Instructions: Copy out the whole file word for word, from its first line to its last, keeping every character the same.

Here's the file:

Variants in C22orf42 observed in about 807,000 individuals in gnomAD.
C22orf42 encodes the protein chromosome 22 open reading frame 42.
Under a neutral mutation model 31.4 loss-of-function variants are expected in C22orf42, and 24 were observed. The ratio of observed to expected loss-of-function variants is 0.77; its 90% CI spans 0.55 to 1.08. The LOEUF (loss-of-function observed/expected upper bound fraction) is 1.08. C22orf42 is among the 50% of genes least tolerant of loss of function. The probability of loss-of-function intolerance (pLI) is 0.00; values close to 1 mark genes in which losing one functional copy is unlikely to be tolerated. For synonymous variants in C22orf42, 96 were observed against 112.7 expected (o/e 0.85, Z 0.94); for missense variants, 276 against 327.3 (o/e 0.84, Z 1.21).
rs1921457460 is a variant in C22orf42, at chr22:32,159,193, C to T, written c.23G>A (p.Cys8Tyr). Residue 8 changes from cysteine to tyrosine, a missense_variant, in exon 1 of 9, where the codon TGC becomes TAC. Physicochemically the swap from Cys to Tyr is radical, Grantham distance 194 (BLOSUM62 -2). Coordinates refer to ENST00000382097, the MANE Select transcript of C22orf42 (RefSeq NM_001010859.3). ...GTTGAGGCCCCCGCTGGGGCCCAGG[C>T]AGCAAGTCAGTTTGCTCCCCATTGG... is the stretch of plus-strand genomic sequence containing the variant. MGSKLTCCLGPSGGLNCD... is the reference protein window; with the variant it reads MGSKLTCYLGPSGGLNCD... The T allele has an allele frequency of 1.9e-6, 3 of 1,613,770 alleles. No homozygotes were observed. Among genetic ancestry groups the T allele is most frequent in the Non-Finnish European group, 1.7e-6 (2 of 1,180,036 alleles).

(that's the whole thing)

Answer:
Variants in C22orf42 observed in about 807,000 individuals in gnomAD.
C22orf42 encodes the protein chromosome 22 open reading frame 42.
Under a neutral mutation model 31.4 loss-of-function variants are expected in C22orf42, and 24 were observed. The ratio of observed to expected loss-of-function variants is 0.77; its 90% CI spans 0.55 to 1.08. The LOEUF (loss-of-function observed/expected upper bound fraction) is 1.08. C22orf42 is among the 50% of genes least tolerant of loss of function. The probability of loss-of-function intolerance (pLI) is 0.00; values close to 1 mark genes in which losing one functional copy is unlikely to be tolerated. For synonymous variants in C22orf42, 96 were observed against 112.7 expected (o/e 0.85, Z 0.94); for missense variants, 276 against 327.3 (o/e 0.84, Z 1.21).
rs1921457460 is a variant in C22orf42, at chr22:32,159,193, C to T, written c.23G>A (p.Cys8Tyr). Residue 8 changes from cysteine to tyrosine, a missense_variant, in exon 1 of 9, where the codon TGC becomes TAC. Physicochemically the swap from Cys to Tyr is radical, Grantham distance 194 (BLOSUM62 -2). Coordinates refer to ENST00000382097, the MANE Select transcript of C22orf42 (RefSeq NM_001010859.3). ...GTTGAGGCCCCCGCTGGGGCCCAGG[C>T]AGCAAGTCAGTTTGCTCCCCATTGG... is the stretch of plus-strand genomic sequence containing the variant. MGSKLTCCLGPSGGLNCD... is the reference protein window; with the variant it reads MGSKLTCYLGPSGGLNCD... The T allele has an allele frequency of 1.9e-6, 3 of 1,613,770 alleles. No homozygotes were observed. Among genetic ancestry groups the T allele is most frequent in the Non-Finnish European group, 1.7e-6 (2 of 1,180,036 alleles).